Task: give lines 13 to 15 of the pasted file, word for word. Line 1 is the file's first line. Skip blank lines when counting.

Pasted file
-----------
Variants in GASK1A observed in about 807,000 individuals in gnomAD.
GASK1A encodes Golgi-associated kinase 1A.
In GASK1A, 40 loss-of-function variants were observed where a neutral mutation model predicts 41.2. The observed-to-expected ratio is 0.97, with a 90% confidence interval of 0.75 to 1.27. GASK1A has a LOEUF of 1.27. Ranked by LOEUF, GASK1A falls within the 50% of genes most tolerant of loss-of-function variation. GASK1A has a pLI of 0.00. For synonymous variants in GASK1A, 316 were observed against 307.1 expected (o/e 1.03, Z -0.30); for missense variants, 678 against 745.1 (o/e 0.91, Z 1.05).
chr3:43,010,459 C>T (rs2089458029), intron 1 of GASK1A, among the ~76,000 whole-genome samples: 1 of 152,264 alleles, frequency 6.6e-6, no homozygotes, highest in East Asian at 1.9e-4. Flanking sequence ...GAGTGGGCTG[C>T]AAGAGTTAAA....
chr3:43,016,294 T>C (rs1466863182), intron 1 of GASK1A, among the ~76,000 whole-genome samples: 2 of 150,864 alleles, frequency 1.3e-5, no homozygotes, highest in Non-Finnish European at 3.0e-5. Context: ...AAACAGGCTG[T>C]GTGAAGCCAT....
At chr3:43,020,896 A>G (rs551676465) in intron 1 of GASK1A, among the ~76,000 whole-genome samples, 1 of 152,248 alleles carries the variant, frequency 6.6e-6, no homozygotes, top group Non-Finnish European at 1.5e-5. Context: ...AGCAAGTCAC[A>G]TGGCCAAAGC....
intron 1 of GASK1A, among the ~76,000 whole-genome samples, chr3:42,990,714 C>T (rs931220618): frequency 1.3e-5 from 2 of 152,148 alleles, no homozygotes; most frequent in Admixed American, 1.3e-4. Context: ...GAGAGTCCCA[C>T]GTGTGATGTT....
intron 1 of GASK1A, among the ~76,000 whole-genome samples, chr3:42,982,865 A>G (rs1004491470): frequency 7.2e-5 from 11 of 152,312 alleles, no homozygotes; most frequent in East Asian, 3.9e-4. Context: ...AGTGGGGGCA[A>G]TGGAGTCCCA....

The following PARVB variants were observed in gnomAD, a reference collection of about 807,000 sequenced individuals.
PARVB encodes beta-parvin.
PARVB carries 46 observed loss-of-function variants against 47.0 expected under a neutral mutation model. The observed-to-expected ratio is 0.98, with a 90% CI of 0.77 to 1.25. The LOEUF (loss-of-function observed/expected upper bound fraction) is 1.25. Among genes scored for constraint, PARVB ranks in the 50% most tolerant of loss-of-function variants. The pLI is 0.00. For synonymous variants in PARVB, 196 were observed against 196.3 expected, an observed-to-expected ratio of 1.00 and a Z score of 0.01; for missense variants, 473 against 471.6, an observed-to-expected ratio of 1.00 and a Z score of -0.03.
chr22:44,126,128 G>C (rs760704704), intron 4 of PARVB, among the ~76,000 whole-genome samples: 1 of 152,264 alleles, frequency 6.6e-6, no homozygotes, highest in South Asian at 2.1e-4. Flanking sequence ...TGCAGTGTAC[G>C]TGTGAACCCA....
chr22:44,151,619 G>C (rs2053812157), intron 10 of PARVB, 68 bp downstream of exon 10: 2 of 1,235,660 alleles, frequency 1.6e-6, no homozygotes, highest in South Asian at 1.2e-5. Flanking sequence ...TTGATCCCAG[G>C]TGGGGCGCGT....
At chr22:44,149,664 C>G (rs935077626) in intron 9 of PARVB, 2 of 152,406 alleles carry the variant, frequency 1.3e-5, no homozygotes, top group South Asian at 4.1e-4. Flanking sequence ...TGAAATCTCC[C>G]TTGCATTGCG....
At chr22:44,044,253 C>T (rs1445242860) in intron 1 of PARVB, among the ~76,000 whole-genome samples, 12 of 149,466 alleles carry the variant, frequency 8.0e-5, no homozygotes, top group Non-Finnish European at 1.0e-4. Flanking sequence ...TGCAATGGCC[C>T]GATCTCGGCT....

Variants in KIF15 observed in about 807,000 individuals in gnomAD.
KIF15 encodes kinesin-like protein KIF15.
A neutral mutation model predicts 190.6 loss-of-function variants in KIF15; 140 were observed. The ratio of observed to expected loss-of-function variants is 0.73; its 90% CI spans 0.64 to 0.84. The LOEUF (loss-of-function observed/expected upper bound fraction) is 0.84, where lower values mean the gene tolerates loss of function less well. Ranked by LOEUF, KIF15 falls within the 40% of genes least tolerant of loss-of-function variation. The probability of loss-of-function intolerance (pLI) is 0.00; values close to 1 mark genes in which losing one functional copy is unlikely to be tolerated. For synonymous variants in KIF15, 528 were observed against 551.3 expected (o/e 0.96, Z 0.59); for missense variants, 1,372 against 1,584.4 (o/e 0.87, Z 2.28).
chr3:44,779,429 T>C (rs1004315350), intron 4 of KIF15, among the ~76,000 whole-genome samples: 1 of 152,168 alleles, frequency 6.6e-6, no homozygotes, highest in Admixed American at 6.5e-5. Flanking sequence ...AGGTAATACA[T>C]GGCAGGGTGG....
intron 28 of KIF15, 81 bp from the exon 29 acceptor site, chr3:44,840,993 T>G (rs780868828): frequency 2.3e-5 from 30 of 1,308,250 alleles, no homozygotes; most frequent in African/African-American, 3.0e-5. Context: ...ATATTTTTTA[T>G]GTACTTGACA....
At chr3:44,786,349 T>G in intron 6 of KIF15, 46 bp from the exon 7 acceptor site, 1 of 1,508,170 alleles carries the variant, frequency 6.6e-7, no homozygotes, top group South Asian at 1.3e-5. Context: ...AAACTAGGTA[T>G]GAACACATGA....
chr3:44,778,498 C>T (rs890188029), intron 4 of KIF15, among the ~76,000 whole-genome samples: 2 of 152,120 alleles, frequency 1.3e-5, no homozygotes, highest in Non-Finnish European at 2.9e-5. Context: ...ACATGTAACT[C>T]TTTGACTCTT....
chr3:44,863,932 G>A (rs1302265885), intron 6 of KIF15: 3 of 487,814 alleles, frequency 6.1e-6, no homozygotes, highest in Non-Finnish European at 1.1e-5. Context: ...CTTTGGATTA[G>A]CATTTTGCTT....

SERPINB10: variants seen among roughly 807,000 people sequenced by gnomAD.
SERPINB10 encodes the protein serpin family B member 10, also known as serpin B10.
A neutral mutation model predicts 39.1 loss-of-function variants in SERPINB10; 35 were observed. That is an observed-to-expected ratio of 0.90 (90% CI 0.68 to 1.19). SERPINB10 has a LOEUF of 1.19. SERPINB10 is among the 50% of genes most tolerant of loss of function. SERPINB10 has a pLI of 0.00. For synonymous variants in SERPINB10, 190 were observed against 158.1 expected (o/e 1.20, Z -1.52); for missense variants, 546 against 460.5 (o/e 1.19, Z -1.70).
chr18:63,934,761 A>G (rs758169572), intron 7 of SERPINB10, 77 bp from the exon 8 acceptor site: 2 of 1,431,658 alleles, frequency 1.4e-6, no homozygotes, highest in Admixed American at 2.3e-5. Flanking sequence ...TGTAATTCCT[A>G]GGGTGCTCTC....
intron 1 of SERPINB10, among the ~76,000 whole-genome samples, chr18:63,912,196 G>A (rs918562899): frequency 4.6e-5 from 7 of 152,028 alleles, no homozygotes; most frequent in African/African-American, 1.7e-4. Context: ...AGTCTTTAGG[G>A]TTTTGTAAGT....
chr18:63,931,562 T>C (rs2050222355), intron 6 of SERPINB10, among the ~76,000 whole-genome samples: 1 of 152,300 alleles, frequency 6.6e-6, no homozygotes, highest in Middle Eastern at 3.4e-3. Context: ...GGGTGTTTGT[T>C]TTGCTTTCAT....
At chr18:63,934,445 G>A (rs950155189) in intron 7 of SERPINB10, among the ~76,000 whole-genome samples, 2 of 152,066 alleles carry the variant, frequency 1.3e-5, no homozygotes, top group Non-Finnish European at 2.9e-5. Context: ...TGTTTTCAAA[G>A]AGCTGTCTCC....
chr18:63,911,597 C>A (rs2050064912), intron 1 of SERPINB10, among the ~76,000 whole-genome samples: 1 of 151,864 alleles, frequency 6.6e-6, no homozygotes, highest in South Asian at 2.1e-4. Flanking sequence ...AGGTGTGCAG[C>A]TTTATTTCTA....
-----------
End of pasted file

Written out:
chr22:44,151,619 G>C (rs2053812157), intron 10 of PARVB, 68 bp downstream of exon 10: 2 of 1,235,660 alleles, frequency 1.6e-6, no homozygotes, highest in South Asian at 1.2e-5. Flanking sequence ...TTGATCCCAG[G>C]TGGGGCGCGT....
At chr22:44,149,664 C>G (rs935077626) in intron 9 of PARVB, 2 of 152,406 alleles carry the variant, frequency 1.3e-5, no homozygotes, top group South Asian at 4.1e-4. Flanking sequence ...TGAAATCTCC[C>G]TTGCATTGCG....
At chr22:44,044,253 C>T (rs1445242860) in intron 1 of PARVB, among the ~76,000 whole-genome samples, 12 of 149,466 alleles carry the variant, frequency 8.0e-5, no homozygotes, top group Non-Finnish European at 1.0e-4. Flanking sequence ...TGCAATGGCC[C>T]GATCTCGGCT....